Get Lit with All Of It: Brit Bennett
Get Lit with All Of It
Originally Aired: Thursday, October 1, 2020
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Watch a live video stream as Alison Stewart, host of WNYC’s All of It, continues her virtual book club series with acclaimed author Brit Bennett. They’ll discuss her novel, The Vanishing Half, a New York Times best-seller about identical twin sisters growing up in a southern Black community and their lives decades later after fate has pulled them apart. Allyson Hobbs, writer and Director of African and African American Studies at Stanford University, joins Bennett and Stewart to illuminate some of the issues that the novel touches on. Viewers are encouraged to submit their questions for the author on Twitter and Instagram.
Plus, Alison will be joined by Aloe Blacc for an exclusive musical performance.
How it Works
Credit: Photo by Emma Trim.
Born and raised in Southern California, Brit Bennett graduated from Stanford University and later earned her MFA in fiction at the University of Michigan, where she won a Hopwood Award in Graduate Short Fiction. In 2014, she received the Hurston/Wright Award for College Writers.
She is a National Book Foundation 5 Under 35 honoree, and her debut novel The Mothers was a New York Times bestseller. Her second novel The Vanishing Half was an instant #1 New York Times bestseller. Her essays have been featured in The New Yorker, the New York Times Magazine, The Paris Review, and Jezebel.
The Vignes twin sisters will always be identical. But after growing up together in a small, southern black community and running away at age sixteen, it’s not just the shape of their daily lives that is different as adults, it’s everything: their families, their communities, their racial identities. Many years later, one sister lives with her black daughter in the same southern town she once tried to escape. The other secretly passes for white, and her white husband knows nothing of her past. Still, even separated by so many miles and just as many lies, the fates of the twins remain intertwined. What will happen to the next generation, when their own daughters’ storylines intersect?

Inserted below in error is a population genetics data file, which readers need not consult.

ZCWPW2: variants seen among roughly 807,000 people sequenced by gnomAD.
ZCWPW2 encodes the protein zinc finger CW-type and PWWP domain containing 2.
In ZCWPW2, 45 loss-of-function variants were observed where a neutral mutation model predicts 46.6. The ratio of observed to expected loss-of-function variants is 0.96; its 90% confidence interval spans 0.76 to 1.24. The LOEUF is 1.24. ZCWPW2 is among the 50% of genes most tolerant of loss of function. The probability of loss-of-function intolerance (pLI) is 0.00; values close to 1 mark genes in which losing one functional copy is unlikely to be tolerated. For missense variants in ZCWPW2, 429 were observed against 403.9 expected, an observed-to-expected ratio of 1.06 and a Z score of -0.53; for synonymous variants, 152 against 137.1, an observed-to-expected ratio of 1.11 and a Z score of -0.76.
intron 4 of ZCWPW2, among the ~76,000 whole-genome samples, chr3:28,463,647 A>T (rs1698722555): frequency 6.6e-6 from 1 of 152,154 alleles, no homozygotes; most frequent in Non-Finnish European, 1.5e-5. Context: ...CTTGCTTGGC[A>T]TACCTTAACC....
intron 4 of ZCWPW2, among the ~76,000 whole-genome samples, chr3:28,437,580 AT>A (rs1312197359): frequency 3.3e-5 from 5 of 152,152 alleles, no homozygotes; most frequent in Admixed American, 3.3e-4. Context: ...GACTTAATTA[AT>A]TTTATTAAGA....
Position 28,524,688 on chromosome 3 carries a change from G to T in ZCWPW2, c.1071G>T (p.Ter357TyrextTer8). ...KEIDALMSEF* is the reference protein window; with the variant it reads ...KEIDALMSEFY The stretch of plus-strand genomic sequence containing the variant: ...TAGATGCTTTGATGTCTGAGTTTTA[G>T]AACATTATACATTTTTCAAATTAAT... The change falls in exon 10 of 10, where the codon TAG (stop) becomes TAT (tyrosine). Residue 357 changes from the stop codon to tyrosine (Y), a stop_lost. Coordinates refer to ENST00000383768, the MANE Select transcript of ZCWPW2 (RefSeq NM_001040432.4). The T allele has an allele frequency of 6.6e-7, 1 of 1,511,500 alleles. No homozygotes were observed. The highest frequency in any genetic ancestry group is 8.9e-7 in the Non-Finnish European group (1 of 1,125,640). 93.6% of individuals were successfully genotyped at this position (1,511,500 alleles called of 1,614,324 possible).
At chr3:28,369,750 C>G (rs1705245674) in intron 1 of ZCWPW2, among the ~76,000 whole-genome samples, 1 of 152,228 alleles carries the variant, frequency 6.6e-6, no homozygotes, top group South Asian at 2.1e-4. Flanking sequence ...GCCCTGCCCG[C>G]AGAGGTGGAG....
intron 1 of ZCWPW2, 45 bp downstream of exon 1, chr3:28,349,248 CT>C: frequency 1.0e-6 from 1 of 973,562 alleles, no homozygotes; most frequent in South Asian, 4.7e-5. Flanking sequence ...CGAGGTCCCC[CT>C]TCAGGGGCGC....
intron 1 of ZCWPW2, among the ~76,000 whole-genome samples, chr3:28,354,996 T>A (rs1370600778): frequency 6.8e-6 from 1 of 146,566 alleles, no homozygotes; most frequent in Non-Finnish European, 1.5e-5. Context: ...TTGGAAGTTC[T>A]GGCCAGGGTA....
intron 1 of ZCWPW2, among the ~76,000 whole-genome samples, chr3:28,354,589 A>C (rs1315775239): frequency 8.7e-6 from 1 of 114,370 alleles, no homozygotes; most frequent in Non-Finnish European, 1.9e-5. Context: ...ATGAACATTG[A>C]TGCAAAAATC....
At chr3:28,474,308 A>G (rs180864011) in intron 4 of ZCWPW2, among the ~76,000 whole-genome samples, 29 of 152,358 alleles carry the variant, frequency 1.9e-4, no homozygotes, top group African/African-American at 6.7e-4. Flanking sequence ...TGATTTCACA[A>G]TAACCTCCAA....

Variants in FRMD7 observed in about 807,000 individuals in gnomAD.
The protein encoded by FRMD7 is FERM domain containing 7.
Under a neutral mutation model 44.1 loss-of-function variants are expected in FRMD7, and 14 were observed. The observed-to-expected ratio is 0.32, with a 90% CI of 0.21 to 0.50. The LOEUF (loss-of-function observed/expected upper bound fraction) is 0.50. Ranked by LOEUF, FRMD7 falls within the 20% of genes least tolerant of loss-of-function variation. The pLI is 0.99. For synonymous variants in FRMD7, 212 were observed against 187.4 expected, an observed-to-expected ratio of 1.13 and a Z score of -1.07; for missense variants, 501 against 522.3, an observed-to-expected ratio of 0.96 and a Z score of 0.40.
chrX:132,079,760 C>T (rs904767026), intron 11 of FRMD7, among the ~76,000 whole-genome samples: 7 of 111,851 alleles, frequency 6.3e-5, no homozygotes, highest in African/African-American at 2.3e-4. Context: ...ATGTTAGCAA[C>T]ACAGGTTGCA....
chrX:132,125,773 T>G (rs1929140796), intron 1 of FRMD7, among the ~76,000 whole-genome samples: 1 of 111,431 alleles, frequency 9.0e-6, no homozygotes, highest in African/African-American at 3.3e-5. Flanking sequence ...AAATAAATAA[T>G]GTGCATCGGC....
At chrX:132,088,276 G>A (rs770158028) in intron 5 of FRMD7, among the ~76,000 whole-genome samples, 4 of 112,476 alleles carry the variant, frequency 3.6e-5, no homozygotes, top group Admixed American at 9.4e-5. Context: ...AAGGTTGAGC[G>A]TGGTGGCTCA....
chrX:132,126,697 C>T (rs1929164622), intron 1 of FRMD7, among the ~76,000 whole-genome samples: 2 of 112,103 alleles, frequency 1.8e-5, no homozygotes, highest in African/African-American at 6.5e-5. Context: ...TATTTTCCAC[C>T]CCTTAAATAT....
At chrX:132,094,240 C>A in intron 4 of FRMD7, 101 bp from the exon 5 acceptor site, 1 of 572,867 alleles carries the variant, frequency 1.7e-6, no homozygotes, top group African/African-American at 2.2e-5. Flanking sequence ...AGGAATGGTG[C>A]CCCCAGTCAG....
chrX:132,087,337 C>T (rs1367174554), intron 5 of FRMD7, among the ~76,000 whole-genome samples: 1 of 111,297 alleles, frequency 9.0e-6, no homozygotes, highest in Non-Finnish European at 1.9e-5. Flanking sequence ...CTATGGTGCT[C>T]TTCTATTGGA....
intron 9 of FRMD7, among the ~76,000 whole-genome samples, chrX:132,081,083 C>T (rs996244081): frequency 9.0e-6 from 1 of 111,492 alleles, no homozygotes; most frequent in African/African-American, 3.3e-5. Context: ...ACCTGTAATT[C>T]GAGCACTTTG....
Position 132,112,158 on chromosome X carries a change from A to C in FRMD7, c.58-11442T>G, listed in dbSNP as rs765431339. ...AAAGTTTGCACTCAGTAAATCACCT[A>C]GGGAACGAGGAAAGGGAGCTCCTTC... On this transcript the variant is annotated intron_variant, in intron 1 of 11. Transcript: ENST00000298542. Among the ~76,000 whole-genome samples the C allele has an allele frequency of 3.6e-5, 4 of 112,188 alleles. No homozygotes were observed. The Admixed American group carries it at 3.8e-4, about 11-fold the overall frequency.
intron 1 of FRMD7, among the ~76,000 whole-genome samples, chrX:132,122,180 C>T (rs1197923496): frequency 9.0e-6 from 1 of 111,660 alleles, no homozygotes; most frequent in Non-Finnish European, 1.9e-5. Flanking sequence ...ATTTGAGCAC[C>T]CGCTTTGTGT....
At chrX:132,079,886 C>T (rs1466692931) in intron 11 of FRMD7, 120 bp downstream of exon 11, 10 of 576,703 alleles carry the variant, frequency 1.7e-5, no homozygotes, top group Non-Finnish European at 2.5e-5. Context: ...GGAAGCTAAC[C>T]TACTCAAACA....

Weaving together multiple strands and generations of this family, from the Deep South to California, from the 1950s to the 1990s, Brit Bennett produces a story that is at once a riveting, emotional family story and a brilliant exploration of the American history of passing. Looking well beyond issues of race, The Vanishing Half considers the lasting influence of the past as it shapes a person’s decisions, desires, and expectations, and explores some of the multiple reasons and realms in which people sometimes feel pulled to live as something other than their origins.
Join Alison Stewart, host of WNYC’s All Of It, alongside bestselling authors and fellow book lovers on the air and online for this new book club series. We’ll read books and share our progress on Instagram, and Alison will talk with a marquee author during a live video stream event.
We know that New Yorkers need to feel a sense of community and fun, even as we remain apart. And that’s why we are excited to announce that the New York Public Library is partnering with WNYC to present a virtual stay-at-home book club experience!
Allyson Hobbs is an Associate Professor of American History, the Director of African and African American Studies, and the Kleinheinz Family University Fellow in Undergraduate Education at Stanford University. She is a contributing writer to The New Yorker and her work has appeared in The New York Times, The New York Times Book Review, and The Washington Post. Allyson’s first book, A Chosen Exile: A History of Racial Passing in American Life, won the Frederick Jackson Turner Prize for the best first book in American history and the Lawrence Levine Prize for the best book in American cultural history. The book was also selected as a New York Times Book Review Editor’s Choice, a San Francisco Chronicle Best Book of 2014, a “Best 15 Nonfiction Books by Black Authors in 2014” by The Root, a featured book in the New York Times Book Review Paperback Row in 2016, and a Paris Review “What Our Writers Are Reading This Summer” Selection in 2017.
Aloe Blacc grew up in a family of Panamanian immigrants in Southern California. As a child, he was surrounded by the sounds of salsa, merengue, and cumbia. Across three albums, Blacc has paid homage to that musical heritage, and to American soul, with powerful lyrics and soul-stirring vocals. His upcoming album, All Love Everything, is the singer-songwriter’s first collection of material written as a father.
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